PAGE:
ISIS threatens to kill 2 Japanese hostages, demands $200 million ransom

by Staff, |
A masked person holding a knife speaks as he stands in between two kneeling men in this still image taken from an online video released by the militant Islamic State group on January 20, 2015. | REUTERS/Social media website via Reuters TV

JERUSALEM (Christian Examiner) -- ISIS released a video Tuesday threatening to kill two Japanese hostages unless they receive $200 million in the next 72 hours, according to reports. The hostages, Kenji Goto Jogo and Haruna Yukawa, are shown kneeling in orange jumpsuits while their kidnapper stands in black and makes menacing gestures with a knife.

The terrorist, who spoke English with a British accent, accused the Japanese government of supporting anti-terror. The masked man called Japan's $200 million pledge to help end terrorism "foolish," most likely referring to Prime Minister Shinzo Abe's commitment to the Iraqi government and Syrian refugees.

"To the prime minister of Japan: Although you are more than 8,500 km (5,280 miles) away from the Islamic State, you willingly have volunteered to take part in this crusade," the militant said. "You have proudly donated $100 million to kill our women and children, to destroy the homes of Muslims ... and in an attempt to stop the expansion of the Islamic State, you have also donated another $100 million to train the (apostates)."

He demanded "200 million" without specifying a currency, but an Arabic subtitle identified it as U.S. dollars.

Abe, speaking in Jerusalem on Tuesday towards the end of a six-day tour of the Middle East, said that saving Jogo and Yukawa is his "top priority." He also adhered to the United States' to abstain from associating the terrorists with Islam, saying "extremism and Islam are completely different things."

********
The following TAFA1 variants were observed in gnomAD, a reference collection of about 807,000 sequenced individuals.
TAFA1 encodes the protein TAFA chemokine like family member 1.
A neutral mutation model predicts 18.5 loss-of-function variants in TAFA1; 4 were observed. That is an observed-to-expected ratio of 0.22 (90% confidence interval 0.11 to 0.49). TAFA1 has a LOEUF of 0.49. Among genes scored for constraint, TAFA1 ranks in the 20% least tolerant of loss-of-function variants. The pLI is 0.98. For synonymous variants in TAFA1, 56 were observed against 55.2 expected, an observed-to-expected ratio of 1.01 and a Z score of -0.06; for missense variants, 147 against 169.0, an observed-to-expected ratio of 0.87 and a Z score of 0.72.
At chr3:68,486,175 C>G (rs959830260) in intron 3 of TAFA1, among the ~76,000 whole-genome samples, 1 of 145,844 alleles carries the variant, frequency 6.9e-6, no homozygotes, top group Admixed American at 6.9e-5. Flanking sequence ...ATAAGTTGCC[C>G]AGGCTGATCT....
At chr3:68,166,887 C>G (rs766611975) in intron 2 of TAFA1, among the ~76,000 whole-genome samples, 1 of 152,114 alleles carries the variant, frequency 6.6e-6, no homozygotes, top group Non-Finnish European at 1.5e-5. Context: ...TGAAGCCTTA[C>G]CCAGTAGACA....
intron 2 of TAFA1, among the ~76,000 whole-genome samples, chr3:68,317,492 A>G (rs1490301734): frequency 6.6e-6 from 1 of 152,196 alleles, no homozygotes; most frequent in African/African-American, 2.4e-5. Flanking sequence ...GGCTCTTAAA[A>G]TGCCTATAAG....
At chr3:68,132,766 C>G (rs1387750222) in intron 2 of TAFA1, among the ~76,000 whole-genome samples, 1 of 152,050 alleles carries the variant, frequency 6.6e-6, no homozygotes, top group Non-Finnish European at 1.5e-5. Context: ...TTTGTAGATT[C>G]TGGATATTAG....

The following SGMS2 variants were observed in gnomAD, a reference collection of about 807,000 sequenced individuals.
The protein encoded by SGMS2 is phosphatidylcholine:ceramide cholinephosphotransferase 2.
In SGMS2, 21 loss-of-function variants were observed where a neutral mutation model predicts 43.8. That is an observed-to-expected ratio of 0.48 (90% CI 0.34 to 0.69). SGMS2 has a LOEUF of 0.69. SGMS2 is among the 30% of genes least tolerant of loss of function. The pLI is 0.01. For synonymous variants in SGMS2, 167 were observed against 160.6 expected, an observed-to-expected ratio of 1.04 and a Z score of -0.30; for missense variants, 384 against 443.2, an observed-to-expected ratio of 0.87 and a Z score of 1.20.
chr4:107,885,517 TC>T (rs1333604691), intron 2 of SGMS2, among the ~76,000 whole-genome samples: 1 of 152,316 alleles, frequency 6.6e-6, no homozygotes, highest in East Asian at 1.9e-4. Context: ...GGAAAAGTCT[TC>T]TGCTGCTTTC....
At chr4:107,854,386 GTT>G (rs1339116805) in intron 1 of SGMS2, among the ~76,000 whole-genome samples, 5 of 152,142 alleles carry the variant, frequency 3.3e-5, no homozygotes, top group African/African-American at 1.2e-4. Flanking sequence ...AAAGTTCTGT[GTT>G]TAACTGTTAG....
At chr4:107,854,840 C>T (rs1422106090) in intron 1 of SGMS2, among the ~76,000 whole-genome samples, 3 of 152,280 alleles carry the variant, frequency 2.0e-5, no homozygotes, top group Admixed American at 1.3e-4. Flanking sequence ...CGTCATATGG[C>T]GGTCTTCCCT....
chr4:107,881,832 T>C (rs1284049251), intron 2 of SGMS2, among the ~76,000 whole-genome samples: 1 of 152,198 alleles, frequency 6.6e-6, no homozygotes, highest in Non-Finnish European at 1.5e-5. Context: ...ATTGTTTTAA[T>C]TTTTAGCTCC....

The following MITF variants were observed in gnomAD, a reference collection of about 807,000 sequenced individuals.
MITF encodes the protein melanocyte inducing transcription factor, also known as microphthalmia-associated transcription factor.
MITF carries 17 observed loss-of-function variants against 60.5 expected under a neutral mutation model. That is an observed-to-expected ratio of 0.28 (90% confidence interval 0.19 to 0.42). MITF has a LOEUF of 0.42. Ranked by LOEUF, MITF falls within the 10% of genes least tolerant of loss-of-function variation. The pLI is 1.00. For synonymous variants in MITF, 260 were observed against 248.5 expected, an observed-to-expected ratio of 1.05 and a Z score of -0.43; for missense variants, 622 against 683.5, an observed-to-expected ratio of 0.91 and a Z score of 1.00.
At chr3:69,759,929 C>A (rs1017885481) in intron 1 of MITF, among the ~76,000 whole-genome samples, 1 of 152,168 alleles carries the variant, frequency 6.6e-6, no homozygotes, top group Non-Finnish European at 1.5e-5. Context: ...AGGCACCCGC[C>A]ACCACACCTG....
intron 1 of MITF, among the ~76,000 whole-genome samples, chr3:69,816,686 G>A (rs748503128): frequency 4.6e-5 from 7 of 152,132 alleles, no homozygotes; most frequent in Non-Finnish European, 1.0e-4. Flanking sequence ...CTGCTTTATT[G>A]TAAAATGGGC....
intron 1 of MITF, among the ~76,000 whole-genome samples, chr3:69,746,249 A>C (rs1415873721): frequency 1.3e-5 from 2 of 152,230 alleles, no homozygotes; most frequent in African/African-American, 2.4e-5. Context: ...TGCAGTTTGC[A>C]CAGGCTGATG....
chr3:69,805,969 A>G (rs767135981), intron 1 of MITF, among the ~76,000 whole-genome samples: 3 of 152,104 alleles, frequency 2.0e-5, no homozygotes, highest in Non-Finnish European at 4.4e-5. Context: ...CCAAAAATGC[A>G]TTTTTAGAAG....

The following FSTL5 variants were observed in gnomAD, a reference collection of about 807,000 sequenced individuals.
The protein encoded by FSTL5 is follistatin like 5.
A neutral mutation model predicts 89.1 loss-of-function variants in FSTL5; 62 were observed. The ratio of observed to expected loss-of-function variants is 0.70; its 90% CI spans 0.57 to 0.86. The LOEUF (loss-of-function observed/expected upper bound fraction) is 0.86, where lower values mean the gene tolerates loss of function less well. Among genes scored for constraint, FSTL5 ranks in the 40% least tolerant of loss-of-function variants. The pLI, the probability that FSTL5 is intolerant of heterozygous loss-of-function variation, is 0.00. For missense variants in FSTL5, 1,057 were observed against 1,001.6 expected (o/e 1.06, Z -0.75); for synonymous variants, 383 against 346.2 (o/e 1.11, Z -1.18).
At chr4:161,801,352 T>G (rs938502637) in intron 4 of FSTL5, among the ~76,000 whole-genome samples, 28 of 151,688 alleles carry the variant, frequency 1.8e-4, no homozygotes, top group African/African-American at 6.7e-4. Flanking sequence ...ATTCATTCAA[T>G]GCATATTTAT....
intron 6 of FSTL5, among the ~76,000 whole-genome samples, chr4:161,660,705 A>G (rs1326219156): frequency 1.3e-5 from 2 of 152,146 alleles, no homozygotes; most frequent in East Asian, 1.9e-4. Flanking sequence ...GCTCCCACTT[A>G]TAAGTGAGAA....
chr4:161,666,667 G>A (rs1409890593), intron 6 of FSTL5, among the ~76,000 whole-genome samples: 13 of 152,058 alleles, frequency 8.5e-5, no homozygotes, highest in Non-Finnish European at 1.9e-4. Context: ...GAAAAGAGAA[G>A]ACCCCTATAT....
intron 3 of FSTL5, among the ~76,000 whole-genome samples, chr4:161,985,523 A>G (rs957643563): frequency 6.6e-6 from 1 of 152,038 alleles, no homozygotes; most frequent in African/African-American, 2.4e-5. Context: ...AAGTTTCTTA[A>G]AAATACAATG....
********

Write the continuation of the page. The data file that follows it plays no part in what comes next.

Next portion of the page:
"We strongly demand the immediate release of the Japanese citizens unharmed," Abe said. "The international community needs to respond firmly and cooperate without caving into terrorism."

Japan's deputy foreign minister, Yasuhide Nakayama, will travel to Jordan to work on resolving the crisis, USA Today reported.

Goto is a freelance reporter who was based in Tokyo. He has written books on AIDS and children in war zones from Afghanistan to Africa and reported for news broadcasters in Japan.

Goto met Yukawa last year and helped him travel to Iraq in June, he told Reuters in August.

Yukawa, 43, traveled to Iraq and Syria last year after telling friends and family that he thought it represented a last chance to turn his life around.

It was not clear what exactly he was doing in the region. Yukawa's father, Shoichi Yukawa, declined to comment, saying he was overwhelmed by the news reports.